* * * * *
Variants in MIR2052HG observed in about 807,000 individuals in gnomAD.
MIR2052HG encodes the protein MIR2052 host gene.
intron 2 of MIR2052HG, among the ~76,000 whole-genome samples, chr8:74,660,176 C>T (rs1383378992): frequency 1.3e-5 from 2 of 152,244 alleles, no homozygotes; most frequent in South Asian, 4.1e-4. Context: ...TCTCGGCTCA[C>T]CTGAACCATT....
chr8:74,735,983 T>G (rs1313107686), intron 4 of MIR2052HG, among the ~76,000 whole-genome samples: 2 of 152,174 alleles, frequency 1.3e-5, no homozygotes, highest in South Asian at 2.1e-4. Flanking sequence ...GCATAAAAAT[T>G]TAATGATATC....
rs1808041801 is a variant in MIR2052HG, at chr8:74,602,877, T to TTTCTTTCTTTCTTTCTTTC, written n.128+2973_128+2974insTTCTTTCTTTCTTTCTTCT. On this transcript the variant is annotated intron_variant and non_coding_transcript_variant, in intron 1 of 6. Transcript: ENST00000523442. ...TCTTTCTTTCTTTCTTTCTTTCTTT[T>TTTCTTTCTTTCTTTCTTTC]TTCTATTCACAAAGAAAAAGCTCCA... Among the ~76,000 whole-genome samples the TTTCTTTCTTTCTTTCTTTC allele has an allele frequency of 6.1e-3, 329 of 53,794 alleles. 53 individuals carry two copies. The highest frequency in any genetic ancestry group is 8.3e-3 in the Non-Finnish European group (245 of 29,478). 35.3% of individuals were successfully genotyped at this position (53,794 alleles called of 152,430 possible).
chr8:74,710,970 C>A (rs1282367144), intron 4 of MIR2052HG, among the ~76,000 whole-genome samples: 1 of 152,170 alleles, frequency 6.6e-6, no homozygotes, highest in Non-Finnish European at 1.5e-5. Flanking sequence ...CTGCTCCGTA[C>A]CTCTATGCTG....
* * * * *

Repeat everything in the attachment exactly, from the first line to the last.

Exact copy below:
Variants in MIR2052HG observed in about 807,000 individuals in gnomAD.
MIR2052HG encodes the protein MIR2052 host gene.
intron 2 of MIR2052HG, among the ~76,000 whole-genome samples, chr8:74,660,176 C>T (rs1383378992): frequency 1.3e-5 from 2 of 152,244 alleles, no homozygotes; most frequent in South Asian, 4.1e-4. Context: ...TCTCGGCTCA[C>T]CTGAACCATT....
chr8:74,735,983 T>G (rs1313107686), intron 4 of MIR2052HG, among the ~76,000 whole-genome samples: 2 of 152,174 alleles, frequency 1.3e-5, no homozygotes, highest in South Asian at 2.1e-4. Flanking sequence ...GCATAAAAAT[T>G]TAATGATATC....
rs1808041801 is a variant in MIR2052HG, at chr8:74,602,877, T to TTTCTTTCTTTCTTTCTTTC, written n.128+2973_128+2974insTTCTTTCTTTCTTTCTTCT. On this transcript the variant is annotated intron_variant and non_coding_transcript_variant, in intron 1 of 6. Transcript: ENST00000523442. ...TCTTTCTTTCTTTCTTTCTTTCTTT[T>TTTCTTTCTTTCTTTCTTTC]TTCTATTCACAAAGAAAAAGCTCCA... Among the ~76,000 whole-genome samples the TTTCTTTCTTTCTTTCTTTC allele has an allele frequency of 6.1e-3, 329 of 53,794 alleles. 53 individuals carry two copies. The highest frequency in any genetic ancestry group is 8.3e-3 in the Non-Finnish European group (245 of 29,478). 35.3% of individuals were successfully genotyped at this position (53,794 alleles called of 152,430 possible).
chr8:74,710,970 C>A (rs1282367144), intron 4 of MIR2052HG, among the ~76,000 whole-genome samples: 1 of 152,170 alleles, frequency 6.6e-6, no homozygotes, highest in Non-Finnish European at 1.5e-5. Flanking sequence ...CTGCTCCGTA[C>A]CTCTATGCTG....